Monday, October 08, 2007


Feds probe Edison police

Incident involves man's deportation

Thursday, October 04, 2007
Star-Ledger Staff

Complaints about the arrest and deportation of an Indian man who accused Edison police of brutality have led to a review by an arm of the Department of Homeland Security.

According to a letter from the department's Office for Civil Rights and Civil Liberties, the agency will investigate whether immigration authorities obstructed Rajnikant Parikh's access to the legal system.

Parikh, a liquor store clerk, be came a source of controversy after claiming an Edison police officer used excessive force while arresting him at a 2006 July Fourth event.

Edison officer Michael Dotro charged Parikh with trying to hit him and inciting others to attack him as he tried to disperse a crowd watching an illegal fireworks display at an apartment complex.

A month later, Parikh was arrested by Immigration and Customs Enforcement agents at a rally while he protested Dotro's actions in front of the Edison municipal building. He was deported in April.

At the time of his deportation, Parikh was in ongoing proceedings with Edison over the municipal charges, and he sought the police department's internal investigation reports regarding both arrests.

The civil rights office hears complaints regarding profiling, conditions in detention and the abuse of authority by Department of Homeland Security staff. It has received 300 complaints from August 2003 through September 2006, according to its latest annual report. Of all complaints, 155 remain open, and three-fourths pertain to actions by immigration and border patrol officials.

"It's a positive development," said Ravinder Bhalla, Parikh's attorney in the municipal case. "ICE has a responsibility to investigate whether its employees acted wrongfully."

Edison's internal investigation cleared Dotro and the department of wrongdoing in both arrests of Parikh. But sources familiar with the investigations previously have said Parikh's immigration arrest at the August rally came after Dotro passed information on to his brother, an ICE attorney. Those sources requested anonymity because they are not authorized to discuss the matter.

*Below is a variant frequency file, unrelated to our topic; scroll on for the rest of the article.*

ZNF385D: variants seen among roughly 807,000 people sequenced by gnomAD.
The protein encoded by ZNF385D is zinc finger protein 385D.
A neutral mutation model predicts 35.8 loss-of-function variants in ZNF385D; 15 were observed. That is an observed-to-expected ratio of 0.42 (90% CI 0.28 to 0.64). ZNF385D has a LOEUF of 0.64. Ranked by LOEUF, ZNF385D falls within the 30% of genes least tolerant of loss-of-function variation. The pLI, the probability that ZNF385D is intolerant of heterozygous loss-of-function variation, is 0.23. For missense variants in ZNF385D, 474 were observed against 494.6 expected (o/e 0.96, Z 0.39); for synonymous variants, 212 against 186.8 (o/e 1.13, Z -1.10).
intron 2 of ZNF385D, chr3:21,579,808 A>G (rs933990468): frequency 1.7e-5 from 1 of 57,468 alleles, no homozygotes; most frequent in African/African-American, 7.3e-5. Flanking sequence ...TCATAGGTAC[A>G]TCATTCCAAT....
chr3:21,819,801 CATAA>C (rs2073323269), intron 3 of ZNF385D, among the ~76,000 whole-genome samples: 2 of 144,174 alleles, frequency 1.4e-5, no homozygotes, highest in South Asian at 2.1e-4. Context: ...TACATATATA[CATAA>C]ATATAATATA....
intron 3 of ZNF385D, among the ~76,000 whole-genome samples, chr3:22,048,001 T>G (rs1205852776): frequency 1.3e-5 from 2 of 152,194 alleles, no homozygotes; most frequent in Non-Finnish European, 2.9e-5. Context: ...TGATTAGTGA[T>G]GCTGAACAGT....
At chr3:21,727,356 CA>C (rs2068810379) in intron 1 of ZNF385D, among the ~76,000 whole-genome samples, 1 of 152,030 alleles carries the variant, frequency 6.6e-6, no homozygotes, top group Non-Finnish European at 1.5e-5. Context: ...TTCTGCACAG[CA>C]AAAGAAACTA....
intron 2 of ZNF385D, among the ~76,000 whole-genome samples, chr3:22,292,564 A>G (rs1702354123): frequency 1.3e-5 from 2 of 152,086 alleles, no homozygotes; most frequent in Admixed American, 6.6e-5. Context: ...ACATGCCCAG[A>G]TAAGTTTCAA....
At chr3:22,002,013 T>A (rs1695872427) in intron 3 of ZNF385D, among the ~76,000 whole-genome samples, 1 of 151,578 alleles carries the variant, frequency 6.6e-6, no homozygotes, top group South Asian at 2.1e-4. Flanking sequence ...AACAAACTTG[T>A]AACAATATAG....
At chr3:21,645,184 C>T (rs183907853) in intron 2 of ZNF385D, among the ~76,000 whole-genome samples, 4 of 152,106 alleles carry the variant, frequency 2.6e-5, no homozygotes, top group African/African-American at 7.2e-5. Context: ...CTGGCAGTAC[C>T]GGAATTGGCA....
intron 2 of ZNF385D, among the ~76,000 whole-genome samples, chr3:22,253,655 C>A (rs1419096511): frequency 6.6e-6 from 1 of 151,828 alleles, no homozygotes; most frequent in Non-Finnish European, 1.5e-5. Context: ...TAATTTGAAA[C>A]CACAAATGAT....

Edison Policemen's Benevolent Association President Michael Schwarz had no comment on the federal review. "It was a lawful arrest," he said.

Immigration officials defended their arrest and deportation of Pa rikh, stating he was an illegal immigrant.

Parikh entered the country illegally in 1995 and was caught by U.S. border-patrol authorities in Texas. He was using the alias Amit Sheth and was ordered deported the next year, immigration officials said. Under the name Rajnikant Parikh, he obtained a work visa in 1999. Because of his outstanding deportation order, he was arrested in Edison.

But Dave Makkar, a Springfield resident who made the complaint about Parikh's treatment to the federal government in May, said his questions didn't concern the legality of Parikh's deportation.

"All this effort for someone who had nothing in his record other than the deportation warrant," Makkar said,
comparing Parikh's case with that of Jose Lachira Carranza, one of the men charged in the Aug. 4 shooting deaths of three college students in a Newark schoolyard.

Carranza made bail and was released from jail in May after being charged with sexually assaulting a child. At the time, it was not known to the court that Carranza, a Peruvian immigrant, was in the country illegally.

"Why all that special effort for (Parikh)?" Makkar said. "Because he's from India?"